LAS VEGAS — It’s hard to say what’s most amazing about Elio Motors’ three-wheeled car: its sexy frame, its extreme fuel efficiency or its jaw-dropping $6,800 price tag.
That princely sum — a little less than a 12-core Mac Pro costs — gets you a sleek two-seater that looks like something you’d see in a sci-fi flick. It’s got two wheels up front, one in back and a built-in holder for your iPad.
And on the International CES show floor here, Elio’s got a team of breezy boosters who tout its many forward-looking features with the quick-witted humor of the best car salesmen.
“For $6,800, we ought to charge you for the air in the tires,” Elio Motors rep Don Harris told Cult of Mac when we asked if the iPad was included in the purchase price.
The idea for the car emerged in 2008, when gas prices were going through the roof. High-performance electric cars like the Tesla and conservative gas-electric hybrids like the Prius got a lot of press as gas prices spiked in the intervening years, but the Elio has more in common with the cult classic Insight hybrid that Honda killed in 2006.
The Elio is a futuristic-looking, no-frills ride designed for hypermilers attracted to fuel-efficiency and nontraditional design.
The Elio is powered by a three-cylinder gasoline engine that produces 60 horsepower. It will go zero to 60 in 9.5 seconds and hit a top speed north of 100 mph. The estimated mileage is 84 mpg highway and 49 mpg city. It comes standard with power door locks, heat, air conditioning and a five-speed transmission, but you can get an automatic for less than $1,000 more.
Safety features include three airbags, a reinforced steel roll cage and anti-lock brakes. Because it’s got only three wheels, it’s classified as a motorcycle by the federal government. In some states, drivers would be required to wear helmets.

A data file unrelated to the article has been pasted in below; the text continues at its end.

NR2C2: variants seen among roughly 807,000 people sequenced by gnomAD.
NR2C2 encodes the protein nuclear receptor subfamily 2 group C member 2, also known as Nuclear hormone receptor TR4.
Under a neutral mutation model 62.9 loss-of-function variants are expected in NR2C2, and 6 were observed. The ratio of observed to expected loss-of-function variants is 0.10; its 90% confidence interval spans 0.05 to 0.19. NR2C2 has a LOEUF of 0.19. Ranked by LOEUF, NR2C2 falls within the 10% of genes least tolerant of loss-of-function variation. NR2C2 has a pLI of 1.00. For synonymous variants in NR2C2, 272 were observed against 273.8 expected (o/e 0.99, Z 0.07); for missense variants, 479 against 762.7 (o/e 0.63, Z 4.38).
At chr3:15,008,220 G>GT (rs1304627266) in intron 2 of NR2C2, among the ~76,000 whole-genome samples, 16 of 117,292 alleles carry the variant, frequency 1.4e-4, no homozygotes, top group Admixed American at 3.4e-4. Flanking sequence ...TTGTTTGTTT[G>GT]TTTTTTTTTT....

The car is also designed to have a data connection that will let owners make VOIP calls or remotely start the vehicle, unlock its doors or use cameras to scan the street where it’s parked. A built-in accelerometer can send alerts if the vehicle gets bumped, and all that could happen from an iPhone, a Web browser, an Apple Watch or other connected devices.
“This is a true Internet car,” said Elio rep Jerome Vassallo, although the company is still working to cut deals with mobile carriers to make that happen. Elio is hoping for a $19.99-a-month plan.
The eye-catching model at CES was a vivid Creamsicle orange, and the Elio will come in six other colors (True Blue, Marshmallow, Red Hot, Rocket Silver, Licorice and Sour Apple). The aerodynamic frame is covered in sheet-molded composite similar to what’s used in the new Corvette.
“It is a head-turner,” said Vassallo, and nobody could argue with that.
Sitting inside the Elio, I was surprised how spacious it seemed. The driver sits in front of the passenger, who might need to be an acrobat to get into the rear seat, and the vehicle sits very low to the ground. The tiny trunk opens up to hold cargo the size of a standard carry-on suitcase, and the rear seat folds forward to provide even more storage space for a solo driver.
The interior of the hand-built prototype looks pretty traditional, although the iPad makes a pretty sweet supplemental dashboard. We didn’t get to test-drive it through the throng of journalists at CES, but an Elio rep assured us it “drives very automotive-like.”
This isn’t Elio’s first time at the CES rodeo: They showed off the vehicle last year as well, and the Elio Motors website still says the American-made car will be available this year even though the current plan is to begin production in early 2016. Elio has taken 38,000 “reservations” of between $100 and $1,000 so far.
Right now, it’s basically a concept car, and there’s no guarantee the Elio will ever hit the road. After delays, Elio now plans to start production in early 2016, with a capacity to crank out 250,000 of the gas-sippers per year. They plan to build the cars in an old GM factory in Shreveport, Louisiana, where Hummers used to roll off the assembly line.
“Little irony for ya,” Vassallo quipped.